Ken Pisi and Ahsee Tuala are used to leading the Saints’ dressing room victory songs, but this week they brought their talents to a Northampton hospital.
The Samoan duo, both crowd favourites at Franklin’s Gardens, visited the charity’s adolescent unit after training on Wednesday and taught patients a traditional Māori haka – the war dance performed by the New Zealand rugby team before every international match.
They performed for the boys and girls of St Andrew's child and adolescent mental health service, based in FitzRoy house.
The unit cares for teenagers aged 13 to 18 with complex mental disorders, such as severe emotional and behavioural difficulties, intellectual disabilities, mental illness and autistic spectrum disorders.
28-year-old winger Pisi spoke to patients about the importance of spiritual and physical wellbeing.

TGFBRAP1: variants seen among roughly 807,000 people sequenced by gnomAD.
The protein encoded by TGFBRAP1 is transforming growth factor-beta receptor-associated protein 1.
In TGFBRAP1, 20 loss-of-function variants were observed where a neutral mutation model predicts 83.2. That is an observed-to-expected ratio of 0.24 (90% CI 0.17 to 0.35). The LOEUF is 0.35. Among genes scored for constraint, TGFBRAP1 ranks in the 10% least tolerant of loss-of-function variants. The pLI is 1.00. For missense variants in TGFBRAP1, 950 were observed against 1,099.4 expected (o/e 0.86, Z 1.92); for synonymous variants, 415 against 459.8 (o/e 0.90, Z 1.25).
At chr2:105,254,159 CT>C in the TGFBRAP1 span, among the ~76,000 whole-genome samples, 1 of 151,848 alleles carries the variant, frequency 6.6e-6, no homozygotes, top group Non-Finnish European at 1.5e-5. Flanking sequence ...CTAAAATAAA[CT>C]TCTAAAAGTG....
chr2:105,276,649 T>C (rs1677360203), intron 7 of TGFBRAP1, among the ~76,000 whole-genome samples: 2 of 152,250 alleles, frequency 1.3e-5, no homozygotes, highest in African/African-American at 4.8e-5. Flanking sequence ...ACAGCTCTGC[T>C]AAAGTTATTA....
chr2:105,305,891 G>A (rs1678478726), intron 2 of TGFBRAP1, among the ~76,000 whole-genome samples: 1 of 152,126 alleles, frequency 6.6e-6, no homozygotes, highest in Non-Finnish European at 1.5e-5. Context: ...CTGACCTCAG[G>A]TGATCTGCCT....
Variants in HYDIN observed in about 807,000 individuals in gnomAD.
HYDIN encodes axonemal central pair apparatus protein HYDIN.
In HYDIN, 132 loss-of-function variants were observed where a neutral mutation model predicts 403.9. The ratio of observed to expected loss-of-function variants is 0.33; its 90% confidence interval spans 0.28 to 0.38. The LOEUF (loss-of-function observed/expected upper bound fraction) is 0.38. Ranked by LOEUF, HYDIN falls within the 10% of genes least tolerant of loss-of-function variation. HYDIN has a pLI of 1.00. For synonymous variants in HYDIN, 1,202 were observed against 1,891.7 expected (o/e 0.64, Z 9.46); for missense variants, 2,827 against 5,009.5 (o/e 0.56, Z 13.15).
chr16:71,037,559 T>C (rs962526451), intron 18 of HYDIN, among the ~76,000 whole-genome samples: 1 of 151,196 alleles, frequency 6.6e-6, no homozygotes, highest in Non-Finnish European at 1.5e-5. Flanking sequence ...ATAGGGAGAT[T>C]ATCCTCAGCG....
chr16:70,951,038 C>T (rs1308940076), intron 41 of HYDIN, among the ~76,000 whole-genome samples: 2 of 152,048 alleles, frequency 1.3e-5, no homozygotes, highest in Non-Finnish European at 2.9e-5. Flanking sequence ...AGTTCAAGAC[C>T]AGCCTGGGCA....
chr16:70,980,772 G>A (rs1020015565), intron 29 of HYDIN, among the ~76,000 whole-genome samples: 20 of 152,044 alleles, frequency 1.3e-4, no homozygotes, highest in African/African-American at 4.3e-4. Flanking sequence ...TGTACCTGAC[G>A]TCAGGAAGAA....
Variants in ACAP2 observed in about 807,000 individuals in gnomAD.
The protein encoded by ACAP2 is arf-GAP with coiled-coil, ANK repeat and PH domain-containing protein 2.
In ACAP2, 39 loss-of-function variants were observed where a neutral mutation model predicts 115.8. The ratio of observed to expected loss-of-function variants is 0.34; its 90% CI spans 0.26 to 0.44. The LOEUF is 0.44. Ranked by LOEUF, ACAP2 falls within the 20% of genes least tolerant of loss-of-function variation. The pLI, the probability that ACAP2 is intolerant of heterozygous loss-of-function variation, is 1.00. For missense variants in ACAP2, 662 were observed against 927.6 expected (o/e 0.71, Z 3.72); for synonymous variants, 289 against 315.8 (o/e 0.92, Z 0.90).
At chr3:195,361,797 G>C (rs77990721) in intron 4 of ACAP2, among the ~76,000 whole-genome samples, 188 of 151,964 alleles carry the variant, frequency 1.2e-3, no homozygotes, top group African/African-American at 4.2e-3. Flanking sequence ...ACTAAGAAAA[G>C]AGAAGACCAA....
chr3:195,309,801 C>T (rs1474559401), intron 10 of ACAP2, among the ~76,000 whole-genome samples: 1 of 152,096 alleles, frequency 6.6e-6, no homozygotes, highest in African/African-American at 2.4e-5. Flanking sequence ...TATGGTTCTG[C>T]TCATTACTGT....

He said: "Meeting all of the patients at St Andrew’s was a real pleasure for Ahsee and I.
“It’s certainly eye-opening to come down here and see first-hand some of the issues that they are dealing with on a daily basis – this is an incredibly brave and strong group.
“I’m glad we could come and share some of our experiences with them as professional rugby players, and everyone seemed to really enjoy seeing a Haka up close and learning about our culture.”
The visit got the thumbs-up from the young participants, with feedback including: “I really enjoyed it, please come back soon” and “rugby is so cool, can’t wait to start playing touch rugby in my sessions.”
Nick Rayment, who works as a physiotherapist at the hospital, said: “We’d like to express our thanks to Ken, Ahsee and everyone at the Saints for making this experience possible for the kids.
“To have that level of community outreach is just fantastic and this really made the patients’ day."